Esher Fine Art and Antiques FairEsher Hall, Sandown Park Racecourse, Esher, Surrey, KT10 9AJ
10 October - 12 October
Artists and SculptorsAppleton, Honor Charlotte
Detmold, Edward Julius
Folkard, Charles James
Gilbert, Anne Yvonne
Grahame Johnstone, Janet & Anne
Ivory, Lesley Anne
Kilburne, George Goodwin
Sain, Edouard Alexandre
Shepard, Ernest Howard
Solon, Léon Victor
Van Sandwyk, Charles
Wheelhouse, Mary V.
Zinkeisen, Anna Katrina
Zinkeisen, Doris Clare
Welcome to Art of the Imagination
Art of the Imagination
Our business is art that inspires the imagination. We started the company in 1999 with a focus on the fine art of illustration and this is probably what we are most known for. We have expanded our focus to include other fine artists, who are not strictly illustrators, and the best bronze sculptors working in the UK today. All our artists have two things in common; they are very talented and have art that will stimulate your mind as well as please your eye. These works are more than just art to hang on your wall, they all tell a story and provoke an emotion.
Enjoy browsing through our site and we hope that we will meet you at one of our events.
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Why collect Illustration - Are illustrations good investments?
We have all found ourselves spell bound by a tale at some time in our lives, whether as a child reading Thomas the Tank Engine, a young adult reading Macbeth, or an adult reading The Da Vinci Code. Reading is an essential skill we all have to master if we wish to succeed in what we call everyday life. But reading is much more; it lets us explore the lives of others, their trials and adventures, defeats and triumphs. We can learn as well as be entertained. Children's books are especially adept at achieving this and many can be read time and time again by anyone. A good story can be read and enjoyed at any age. Filmmakers, therefore, go to great lengths to ensure that the imagery they create reflects what we have all come to expect from a book. A great example is Peter Jackson's visionary The Lord of the Rings recreation of 'Middle Earth'. To ignore it would have been perilous. It is therefore not at all surprising that many people have turned to collecting original works by the artists that have illustrated those inspiring books. Books like Alice in Wonderland, Wind in the Willows, Peter Pan and Winnie-the-Pooh are all children's classics and are rightly much sought after along with many others. Also, books by Arthur Rackham, Edmund Dulac, EH Shepard, W Heath Robinson and such classic illustrators appeal to many people because of their imaginative visual storytelling.
Looking at the history of illustration, many people are lead to believe that 1900 through 1930 was the golden age of illustration. I personally feel this is an overstatement and insinuates that illustration today is somehow inferior. You only need to take a trip around a high street bookshop and see some of the illustrative excellence that is currently available. The list of great contemporary illustrators includes Quentin Blake, Ronald Searle, Christian Birmingham, Paul Kidby and Peter Malone are very popular and much loved.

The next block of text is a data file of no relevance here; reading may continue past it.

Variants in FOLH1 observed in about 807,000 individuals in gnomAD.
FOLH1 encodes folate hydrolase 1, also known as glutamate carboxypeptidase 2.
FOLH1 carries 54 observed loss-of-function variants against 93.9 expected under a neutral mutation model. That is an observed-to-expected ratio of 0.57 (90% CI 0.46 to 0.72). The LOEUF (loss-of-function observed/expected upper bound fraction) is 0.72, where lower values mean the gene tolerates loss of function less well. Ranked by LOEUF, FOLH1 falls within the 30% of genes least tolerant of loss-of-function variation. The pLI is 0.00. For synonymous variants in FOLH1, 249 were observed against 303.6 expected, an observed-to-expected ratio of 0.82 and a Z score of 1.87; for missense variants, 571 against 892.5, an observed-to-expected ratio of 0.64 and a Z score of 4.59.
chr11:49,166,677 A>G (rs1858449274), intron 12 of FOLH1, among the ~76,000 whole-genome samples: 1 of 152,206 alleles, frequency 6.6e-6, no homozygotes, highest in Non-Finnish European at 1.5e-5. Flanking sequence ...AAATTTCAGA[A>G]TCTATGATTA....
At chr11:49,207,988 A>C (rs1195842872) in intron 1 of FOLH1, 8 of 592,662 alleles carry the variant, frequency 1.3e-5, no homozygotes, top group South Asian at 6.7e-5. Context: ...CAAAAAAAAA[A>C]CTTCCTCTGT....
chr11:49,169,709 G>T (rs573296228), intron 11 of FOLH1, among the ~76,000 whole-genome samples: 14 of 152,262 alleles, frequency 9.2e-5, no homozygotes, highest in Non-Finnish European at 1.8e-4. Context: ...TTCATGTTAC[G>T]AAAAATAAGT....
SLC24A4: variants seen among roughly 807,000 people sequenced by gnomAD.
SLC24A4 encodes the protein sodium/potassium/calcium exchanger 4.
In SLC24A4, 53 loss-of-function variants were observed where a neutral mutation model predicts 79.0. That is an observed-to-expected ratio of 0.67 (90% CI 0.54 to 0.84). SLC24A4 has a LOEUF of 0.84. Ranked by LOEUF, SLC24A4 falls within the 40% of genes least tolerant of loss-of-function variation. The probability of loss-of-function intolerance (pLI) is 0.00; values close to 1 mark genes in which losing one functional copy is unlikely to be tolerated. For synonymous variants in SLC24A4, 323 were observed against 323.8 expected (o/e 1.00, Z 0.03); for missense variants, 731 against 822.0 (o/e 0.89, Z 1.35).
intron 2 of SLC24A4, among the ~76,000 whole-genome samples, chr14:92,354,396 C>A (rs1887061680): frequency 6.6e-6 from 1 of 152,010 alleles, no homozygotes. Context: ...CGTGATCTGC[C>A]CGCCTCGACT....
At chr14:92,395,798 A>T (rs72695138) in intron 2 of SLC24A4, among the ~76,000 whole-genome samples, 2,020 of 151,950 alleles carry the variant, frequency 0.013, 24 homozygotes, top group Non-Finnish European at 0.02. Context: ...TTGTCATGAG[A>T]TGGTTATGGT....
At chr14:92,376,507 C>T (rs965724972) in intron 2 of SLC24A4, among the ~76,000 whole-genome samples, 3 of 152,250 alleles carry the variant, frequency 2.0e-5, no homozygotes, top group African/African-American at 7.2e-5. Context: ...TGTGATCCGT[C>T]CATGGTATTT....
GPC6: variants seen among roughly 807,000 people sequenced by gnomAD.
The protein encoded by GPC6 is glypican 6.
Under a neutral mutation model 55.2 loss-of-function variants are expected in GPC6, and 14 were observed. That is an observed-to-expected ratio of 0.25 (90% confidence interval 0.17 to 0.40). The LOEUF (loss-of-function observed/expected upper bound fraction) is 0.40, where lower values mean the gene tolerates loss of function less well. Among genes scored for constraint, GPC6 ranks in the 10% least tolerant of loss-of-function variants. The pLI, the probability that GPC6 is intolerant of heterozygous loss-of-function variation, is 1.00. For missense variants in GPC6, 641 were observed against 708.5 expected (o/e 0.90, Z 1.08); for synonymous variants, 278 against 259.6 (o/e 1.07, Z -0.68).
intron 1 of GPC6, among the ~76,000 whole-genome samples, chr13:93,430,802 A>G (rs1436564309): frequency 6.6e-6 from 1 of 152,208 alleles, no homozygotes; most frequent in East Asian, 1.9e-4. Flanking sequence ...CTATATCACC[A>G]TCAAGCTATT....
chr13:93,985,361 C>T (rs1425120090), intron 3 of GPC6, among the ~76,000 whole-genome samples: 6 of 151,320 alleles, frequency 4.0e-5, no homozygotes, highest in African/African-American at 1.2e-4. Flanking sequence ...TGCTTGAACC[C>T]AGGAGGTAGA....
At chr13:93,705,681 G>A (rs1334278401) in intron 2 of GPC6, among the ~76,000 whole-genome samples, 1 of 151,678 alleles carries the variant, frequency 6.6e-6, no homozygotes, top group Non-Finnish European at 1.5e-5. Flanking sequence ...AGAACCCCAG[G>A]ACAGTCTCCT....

Owning an original published illustration is very satisfying. Compared to some works by established artists they can be acquired at reasonable prices. An average oil painting may cost many thousands of pounds, whilst many book illustrations retail from just a few hundred pounds. It is always enjoyable to know that the art hanging on your wall is familiar to thousands of people around the world. Recently, classic illustrators have seen a sharp rise in prices. At a London auction of Beatrix Potter’s children’s illustration, a small but delightful illustration sold for over £250,000.
We focus on illustration for children’s books but the illustration of a book that has a magical element is the main focus. There are many other forms of illustration, such as; poster illustration, sports illustration, fashion illustration, graphic illustration, botanical illustration and illustration books
So what is the future of Illustrations?
The art of illustration can still be seen at work today, but it is under threat. Our modern world wants things to be delivered to a very short deadline and many publishers are not exempt. This has forced illustrators to either create fast character drawings or reach for the powerful graphics software packages that are available today. This allows them to move parts of the image around, change colours and generally modify the image to the requirements of the publisher and author in an instant. A great innovation, but all these deadlines and the need to make corrections on the fly has meant there is no physical artwork.
Is this the end to fine illustration art? By no means! There are a group of dedicated illustrators willing to produce real art and some understanding publishers allowing them the time to create these little masterpieces. The good news for the lovers of original illustrations is that their treasured paintings are soaring in value as the market wakes up to the idea that an era is coming to an end. Illustrations are sound investments that can be enjoyed by anyone who sees life as filled with wonderful adventures.
Lion and UnicornOriginal illustration depicting the Lion and the Unicorn and published in 'The Book of the Unicorn' in 1998
Limited Edition Prints
Tales & CharactersAlice's Adventures in Wonderland
Birds and Animals
Lord of the Rings and The Hobbit
The Art of 'Discworld'
The Chronicles of Narnia
The Jungle Book
The Little Mermaid
The Snow Queen
The Wind in the Willows
Various Children's Stories